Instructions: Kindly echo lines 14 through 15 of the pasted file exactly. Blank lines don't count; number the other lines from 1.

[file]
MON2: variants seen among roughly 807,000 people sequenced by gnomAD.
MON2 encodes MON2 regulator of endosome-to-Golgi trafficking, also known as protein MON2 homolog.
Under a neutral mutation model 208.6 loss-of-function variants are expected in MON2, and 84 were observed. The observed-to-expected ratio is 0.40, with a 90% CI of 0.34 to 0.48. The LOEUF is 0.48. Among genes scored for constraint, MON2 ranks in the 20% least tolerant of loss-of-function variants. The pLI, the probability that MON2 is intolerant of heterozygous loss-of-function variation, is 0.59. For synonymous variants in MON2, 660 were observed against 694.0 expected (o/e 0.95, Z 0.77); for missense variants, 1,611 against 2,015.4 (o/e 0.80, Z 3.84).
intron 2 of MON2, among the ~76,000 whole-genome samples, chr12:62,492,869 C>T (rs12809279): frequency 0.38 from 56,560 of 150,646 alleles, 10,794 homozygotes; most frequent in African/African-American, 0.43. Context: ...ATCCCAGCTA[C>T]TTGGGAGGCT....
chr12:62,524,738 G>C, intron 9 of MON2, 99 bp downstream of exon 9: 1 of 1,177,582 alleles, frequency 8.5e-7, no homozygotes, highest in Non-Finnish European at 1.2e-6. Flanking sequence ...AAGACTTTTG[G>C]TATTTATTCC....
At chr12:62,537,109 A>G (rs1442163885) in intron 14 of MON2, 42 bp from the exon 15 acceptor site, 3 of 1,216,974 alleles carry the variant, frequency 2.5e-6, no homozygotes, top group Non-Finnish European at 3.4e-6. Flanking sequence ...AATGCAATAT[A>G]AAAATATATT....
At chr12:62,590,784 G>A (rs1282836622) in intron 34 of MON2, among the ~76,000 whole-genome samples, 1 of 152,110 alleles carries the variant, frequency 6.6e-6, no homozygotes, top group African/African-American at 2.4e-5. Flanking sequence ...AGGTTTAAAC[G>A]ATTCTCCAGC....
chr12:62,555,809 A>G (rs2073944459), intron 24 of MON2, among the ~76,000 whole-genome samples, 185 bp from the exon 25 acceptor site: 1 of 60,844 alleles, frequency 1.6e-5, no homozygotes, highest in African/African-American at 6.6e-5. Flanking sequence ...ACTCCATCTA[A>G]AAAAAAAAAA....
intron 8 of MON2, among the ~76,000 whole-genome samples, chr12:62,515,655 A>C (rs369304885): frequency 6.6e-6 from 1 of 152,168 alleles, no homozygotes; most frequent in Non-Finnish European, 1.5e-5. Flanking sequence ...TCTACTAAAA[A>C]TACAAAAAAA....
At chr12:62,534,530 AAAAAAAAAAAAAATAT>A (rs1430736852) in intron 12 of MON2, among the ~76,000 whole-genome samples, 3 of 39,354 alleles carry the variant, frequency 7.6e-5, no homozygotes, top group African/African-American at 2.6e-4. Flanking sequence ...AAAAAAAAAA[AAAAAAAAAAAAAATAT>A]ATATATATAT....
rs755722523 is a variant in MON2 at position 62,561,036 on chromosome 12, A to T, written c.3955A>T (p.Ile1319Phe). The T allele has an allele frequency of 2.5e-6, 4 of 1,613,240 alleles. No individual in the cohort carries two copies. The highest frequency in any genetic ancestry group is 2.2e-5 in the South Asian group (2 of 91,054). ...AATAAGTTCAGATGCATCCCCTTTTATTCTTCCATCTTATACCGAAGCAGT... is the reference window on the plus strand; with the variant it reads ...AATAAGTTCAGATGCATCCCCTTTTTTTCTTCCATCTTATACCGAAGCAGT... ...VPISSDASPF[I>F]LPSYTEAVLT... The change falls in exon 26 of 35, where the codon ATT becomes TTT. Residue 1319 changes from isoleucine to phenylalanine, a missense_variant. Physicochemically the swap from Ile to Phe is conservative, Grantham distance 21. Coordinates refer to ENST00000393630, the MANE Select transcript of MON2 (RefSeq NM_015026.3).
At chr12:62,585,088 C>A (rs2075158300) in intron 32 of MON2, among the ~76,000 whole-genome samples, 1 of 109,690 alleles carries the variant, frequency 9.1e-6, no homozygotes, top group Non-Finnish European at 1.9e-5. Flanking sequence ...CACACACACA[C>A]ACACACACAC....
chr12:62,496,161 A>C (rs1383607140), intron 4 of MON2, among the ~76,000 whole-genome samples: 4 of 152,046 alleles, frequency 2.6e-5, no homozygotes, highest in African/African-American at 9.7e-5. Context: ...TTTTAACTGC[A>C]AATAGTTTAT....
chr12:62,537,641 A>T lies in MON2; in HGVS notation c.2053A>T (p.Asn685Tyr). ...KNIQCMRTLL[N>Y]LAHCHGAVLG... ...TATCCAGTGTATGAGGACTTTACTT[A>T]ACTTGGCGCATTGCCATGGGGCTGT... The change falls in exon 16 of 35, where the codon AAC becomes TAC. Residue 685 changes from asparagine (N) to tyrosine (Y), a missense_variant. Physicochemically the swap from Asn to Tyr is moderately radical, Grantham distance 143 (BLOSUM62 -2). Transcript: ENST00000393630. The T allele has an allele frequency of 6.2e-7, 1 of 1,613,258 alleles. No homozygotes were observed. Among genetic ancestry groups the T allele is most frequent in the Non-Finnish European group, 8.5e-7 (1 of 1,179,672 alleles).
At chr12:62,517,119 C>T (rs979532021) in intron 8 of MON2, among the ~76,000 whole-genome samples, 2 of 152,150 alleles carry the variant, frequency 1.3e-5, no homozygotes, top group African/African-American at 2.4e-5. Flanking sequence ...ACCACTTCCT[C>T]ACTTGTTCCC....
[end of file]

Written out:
chr12:62,537,641 A>T lies in MON2; in HGVS notation c.2053A>T (p.Asn685Tyr). ...KNIQCMRTLL[N>Y]LAHCHGAVLG... ...TATCCAGTGTATGAGGACTTTACTT[A>T]ACTTGGCGCATTGCCATGGGGCTGT... The change falls in exon 16 of 35, where the codon AAC becomes TAC. Residue 685 changes from asparagine (N) to tyrosine (Y), a missense_variant. Physicochemically the swap from Asn to Tyr is moderately radical, Grantham distance 143 (BLOSUM62 -2). Transcript: ENST00000393630. The T allele has an allele frequency of 6.2e-7, 1 of 1,613,258 alleles. No homozygotes were observed. Among genetic ancestry groups the T allele is most frequent in the Non-Finnish European group, 8.5e-7 (1 of 1,179,672 alleles).
At chr12:62,517,119 C>T (rs979532021) in intron 8 of MON2, among the ~76,000 whole-genome samples, 2 of 152,150 alleles carry the variant, frequency 1.3e-5, no homozygotes, top group African/African-American at 2.4e-5. Flanking sequence ...ACCACTTCCT[C>T]ACTTGTTCCC....